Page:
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Newspapers find inconsistency in access to state public records

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  1. Freedom of Information

    NMU         WASHINGTON         Freedom of Information         Nov 6, 2001    

Newspapers find inconsistency in access to state public records

  • Representatives from 25 newspapers filed public records requests simultaneously on June 21, in an attempt to survey how well state agencies complied with requests for public information made by the general public.

When journalist Paula Lavigne Sullivan helped with an assessment of how well government agencies in Washington comply with public records requests, she found that officials often concealed documents from the public that are accessible to reporters.

“Some people were helpful,” Sullivan said. “With others, it was like you were asking for their firstborn child. They took a proprietary attitude toward their records, and some were antagonistic.”

Results from an audit, conducted on June 21 by editors from 25 newspapers and the Associated Press, were compiled in “Washington: Your Right to Know,” a package of stories about how public officials responded to requests from people seeking government records. The audit included requests in every county for records, ranging from crime reports to school contracts to restaurant inspections.

The report, released in October, said that “while most agencies don’t charge anything for their records, some agencies are making people pay much more than state law allows.”

It was published as a three-day package of stories distributed to newspapers by the AP wire and also on an Internet Web site, www.openwashington.com.

“Our goal was to try to produce stories that are useful to average people,” said Dale Leach, AP bureau chief in Seattle who helped organize the audit. “As a result, we wanted to seek documents we thought everyone would have reasons to ask for.”

The effort was the first of its kind in Washington, although numerous other states have conducted similar inquiries.

“We wanted as clear a reading as we could get about how an average person would be treated in whichever agency they approached,” Leach said.

According to Laurie Williams, assistant managing editor of the Tri-Cities Herald who helped organize the project, the newspapers wanted to see what records the general public could get. The papers sent staffers who would not be recognized as reporters, so they would be treated like the public.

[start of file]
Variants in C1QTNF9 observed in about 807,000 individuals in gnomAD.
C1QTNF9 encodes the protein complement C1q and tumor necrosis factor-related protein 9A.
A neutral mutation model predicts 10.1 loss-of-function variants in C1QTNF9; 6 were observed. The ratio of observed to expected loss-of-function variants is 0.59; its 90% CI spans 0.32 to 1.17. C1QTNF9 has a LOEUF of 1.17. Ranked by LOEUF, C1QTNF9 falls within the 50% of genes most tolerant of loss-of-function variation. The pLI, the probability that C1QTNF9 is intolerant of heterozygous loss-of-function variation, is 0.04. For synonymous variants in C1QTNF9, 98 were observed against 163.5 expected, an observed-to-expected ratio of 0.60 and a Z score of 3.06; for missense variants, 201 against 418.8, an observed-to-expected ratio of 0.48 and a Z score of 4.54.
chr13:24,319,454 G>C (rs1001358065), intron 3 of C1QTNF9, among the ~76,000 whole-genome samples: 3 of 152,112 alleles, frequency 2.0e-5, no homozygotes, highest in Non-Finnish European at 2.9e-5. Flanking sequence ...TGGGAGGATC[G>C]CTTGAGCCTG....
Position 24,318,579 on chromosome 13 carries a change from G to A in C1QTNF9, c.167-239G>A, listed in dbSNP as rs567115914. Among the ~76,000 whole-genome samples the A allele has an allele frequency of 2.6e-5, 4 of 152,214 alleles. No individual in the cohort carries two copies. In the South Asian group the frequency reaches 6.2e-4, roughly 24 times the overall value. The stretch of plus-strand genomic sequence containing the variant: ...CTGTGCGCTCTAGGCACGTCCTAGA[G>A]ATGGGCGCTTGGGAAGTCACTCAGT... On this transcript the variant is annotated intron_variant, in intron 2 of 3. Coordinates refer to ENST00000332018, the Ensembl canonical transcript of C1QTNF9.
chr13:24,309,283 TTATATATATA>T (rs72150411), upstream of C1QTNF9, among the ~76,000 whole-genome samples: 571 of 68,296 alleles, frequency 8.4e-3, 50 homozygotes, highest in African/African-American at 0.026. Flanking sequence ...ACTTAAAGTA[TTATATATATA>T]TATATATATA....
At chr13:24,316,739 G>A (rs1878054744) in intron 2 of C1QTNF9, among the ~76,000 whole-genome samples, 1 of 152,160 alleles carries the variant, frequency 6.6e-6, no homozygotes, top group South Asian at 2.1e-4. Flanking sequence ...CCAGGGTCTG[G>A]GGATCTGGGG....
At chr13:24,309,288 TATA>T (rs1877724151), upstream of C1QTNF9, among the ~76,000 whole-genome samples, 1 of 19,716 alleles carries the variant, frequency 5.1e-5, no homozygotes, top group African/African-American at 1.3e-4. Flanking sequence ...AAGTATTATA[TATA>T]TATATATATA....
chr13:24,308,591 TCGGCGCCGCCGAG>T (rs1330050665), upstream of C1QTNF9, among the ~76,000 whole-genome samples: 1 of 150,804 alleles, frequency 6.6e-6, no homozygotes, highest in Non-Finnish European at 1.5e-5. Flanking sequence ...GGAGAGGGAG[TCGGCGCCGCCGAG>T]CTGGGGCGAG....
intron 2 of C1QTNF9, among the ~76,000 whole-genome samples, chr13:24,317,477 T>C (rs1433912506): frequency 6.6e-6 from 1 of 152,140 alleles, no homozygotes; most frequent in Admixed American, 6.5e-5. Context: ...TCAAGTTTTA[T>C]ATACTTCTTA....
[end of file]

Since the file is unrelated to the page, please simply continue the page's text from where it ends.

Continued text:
“An unprecedented statewide audit of local public agencies found dozens of government employees who violated the state’s public records disclosure law by withholding documents that the law says they must release,” Sullivan wrote in a story about the project. “Audit results found agencies withheld documents often enough that Washington residents can’t be certain that local government will give them information to which they’re entitled.”

In addition to demanding the names of records seekers and their reasons for requesting documents, agencies charged widely fluctuating prices for copying and “research” fees, practices that are prohibited by Washington’s Public Records Act, the report concludes.

The release of police incident reports was also inconsistent, the audit found, possibly due to vaguely worded exemptions in the Public Records Act and conflicting rulings from the state Supreme Court.

County assessors’ offices were the only audited agencies that always released information, she wrote.

“Auditors found no patterns in records denials among large or small agencies or parts of the state,” Sullivan wrote. “But the findings did show different types of agencies handle records requests in different ways. Agencies that are supposed to enforce the law were the ones who most often disregarded it.”

GR

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© 2001 The Reporters Committee for Freedom of the Press

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